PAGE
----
Related support groups: Influenza, Tonsillitis/Pharyngitis, Upper Respiratory Tract Infection, Topical Disinfection

Kitchen Towels Can Make You Sick

Posted 26 Mar 2015 by

THURSDAY, March 26, 2015 – Hand towels are the top contamination hazard in the kitchen, according to a new study. Cellphones are another potential source of kitchen cross-contamination, the researchers found. Cross-contamination refers to the accidental transfer of potentially hazardous germs from one surface to another. Kansas State University researchers asked 123 people to prepare a recipe using either raw ground beef or chicken, along with a ready-to-eat fruit salad. The participants did the food preparation in a kitchen set up on the campus. A harmless type of bacteria was placed in the raw beef and chicken in order to trace levels of meat-associated contamination spread during meal preparation. "First, participants were observed frequently handling towels, including paper towels, even when not using them for drying. Towels were determined to be the most contaminated of all the ... Read more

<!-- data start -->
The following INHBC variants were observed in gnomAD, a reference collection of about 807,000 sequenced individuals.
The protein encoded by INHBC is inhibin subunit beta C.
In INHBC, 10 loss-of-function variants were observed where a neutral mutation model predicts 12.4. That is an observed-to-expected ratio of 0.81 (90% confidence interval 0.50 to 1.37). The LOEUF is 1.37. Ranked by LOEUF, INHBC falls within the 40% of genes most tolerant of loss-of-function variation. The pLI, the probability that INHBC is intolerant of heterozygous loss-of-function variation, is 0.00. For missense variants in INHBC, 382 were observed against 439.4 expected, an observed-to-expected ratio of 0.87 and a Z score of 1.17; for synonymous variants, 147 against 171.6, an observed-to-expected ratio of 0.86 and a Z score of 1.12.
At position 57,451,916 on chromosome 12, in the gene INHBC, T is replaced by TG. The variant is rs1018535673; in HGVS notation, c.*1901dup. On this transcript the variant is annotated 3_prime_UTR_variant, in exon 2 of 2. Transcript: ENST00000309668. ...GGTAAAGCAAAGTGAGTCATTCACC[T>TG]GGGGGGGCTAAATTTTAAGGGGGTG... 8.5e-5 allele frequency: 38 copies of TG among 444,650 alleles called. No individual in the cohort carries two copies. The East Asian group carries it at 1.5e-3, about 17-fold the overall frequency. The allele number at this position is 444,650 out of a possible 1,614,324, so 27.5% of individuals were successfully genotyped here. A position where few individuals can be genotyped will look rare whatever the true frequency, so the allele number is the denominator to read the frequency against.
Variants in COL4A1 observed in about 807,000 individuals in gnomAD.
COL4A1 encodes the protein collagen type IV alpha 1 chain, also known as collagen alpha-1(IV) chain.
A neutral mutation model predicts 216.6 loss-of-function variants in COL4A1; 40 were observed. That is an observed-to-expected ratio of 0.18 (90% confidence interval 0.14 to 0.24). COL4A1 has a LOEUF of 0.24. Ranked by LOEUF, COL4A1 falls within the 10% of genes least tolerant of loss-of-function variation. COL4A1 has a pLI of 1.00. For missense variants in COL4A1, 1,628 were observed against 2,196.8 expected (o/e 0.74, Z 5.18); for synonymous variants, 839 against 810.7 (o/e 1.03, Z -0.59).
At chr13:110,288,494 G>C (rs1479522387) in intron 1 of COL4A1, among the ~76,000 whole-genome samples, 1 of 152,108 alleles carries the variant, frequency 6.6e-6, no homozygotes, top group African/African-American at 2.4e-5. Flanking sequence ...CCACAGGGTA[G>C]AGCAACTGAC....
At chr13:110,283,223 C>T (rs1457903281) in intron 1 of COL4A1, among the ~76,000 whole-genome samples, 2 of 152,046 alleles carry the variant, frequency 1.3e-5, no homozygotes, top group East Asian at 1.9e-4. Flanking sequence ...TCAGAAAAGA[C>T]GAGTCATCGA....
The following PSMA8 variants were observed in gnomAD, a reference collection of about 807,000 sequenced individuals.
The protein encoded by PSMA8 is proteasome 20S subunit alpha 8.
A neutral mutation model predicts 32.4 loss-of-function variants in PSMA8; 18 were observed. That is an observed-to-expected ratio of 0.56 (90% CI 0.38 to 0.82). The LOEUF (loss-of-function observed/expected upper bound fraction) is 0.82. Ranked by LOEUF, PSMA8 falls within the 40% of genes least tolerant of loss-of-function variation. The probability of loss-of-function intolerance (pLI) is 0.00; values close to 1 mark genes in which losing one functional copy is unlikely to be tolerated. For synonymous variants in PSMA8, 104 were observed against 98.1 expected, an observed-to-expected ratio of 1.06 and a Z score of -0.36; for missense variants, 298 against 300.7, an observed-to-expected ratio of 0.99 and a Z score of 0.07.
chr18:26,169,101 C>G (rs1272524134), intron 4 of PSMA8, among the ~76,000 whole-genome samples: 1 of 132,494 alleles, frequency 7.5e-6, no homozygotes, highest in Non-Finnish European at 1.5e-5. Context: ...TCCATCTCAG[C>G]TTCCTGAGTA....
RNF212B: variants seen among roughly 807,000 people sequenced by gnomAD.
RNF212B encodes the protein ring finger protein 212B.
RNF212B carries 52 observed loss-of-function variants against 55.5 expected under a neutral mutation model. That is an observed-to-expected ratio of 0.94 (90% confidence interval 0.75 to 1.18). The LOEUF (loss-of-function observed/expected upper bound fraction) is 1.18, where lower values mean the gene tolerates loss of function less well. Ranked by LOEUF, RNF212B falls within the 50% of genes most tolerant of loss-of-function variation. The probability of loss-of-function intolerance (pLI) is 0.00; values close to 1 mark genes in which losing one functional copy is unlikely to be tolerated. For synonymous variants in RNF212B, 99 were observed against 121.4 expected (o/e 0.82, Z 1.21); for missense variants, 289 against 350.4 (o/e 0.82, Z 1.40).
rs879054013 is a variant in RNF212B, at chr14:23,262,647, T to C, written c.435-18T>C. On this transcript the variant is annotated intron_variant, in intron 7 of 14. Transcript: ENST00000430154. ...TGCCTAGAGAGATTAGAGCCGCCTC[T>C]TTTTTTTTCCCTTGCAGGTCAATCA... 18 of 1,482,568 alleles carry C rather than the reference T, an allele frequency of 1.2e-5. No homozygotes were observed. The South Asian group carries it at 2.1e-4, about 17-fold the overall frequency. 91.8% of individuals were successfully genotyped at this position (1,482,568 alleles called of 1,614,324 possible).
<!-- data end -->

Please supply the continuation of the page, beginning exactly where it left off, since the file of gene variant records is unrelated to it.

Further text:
Related support groups: Topical Disinfection

Public Restrooms No Germier Than Your Home, Study Finds

Posted 8 Dec 2014 by

FRIDAY, Dec. 5, 2014 – Many people envision public restrooms as filthy and crawling with nasty germs, but they're actually as healthy as the average room in your home, a new study reports. Microbiologists tracking bacteria and viruses in four public restrooms found that most of the bacteria present came from human skin and outdoor environments. Illness-causing fecal bacteria were present in the restrooms, but represented less than 15 percent of the total bacterial population, the researchers said. And they vanished quickly. Fecal bacteria are less hearty than bacteria found on the skin, and die off faster when exposed to the cool, dry, oxygen-rich environment of a public restroom, said lead author Sean Gibbons, a graduate student of biophysical science at the University of Chicago. "Bacteria associated with skin are more able to persist. Over time, they win out," said Gibbons, who is ... Read more

Related support groups: Topical Disinfection

Health Tip: When to Wash Your Hands

Posted 4 Dec 2014 by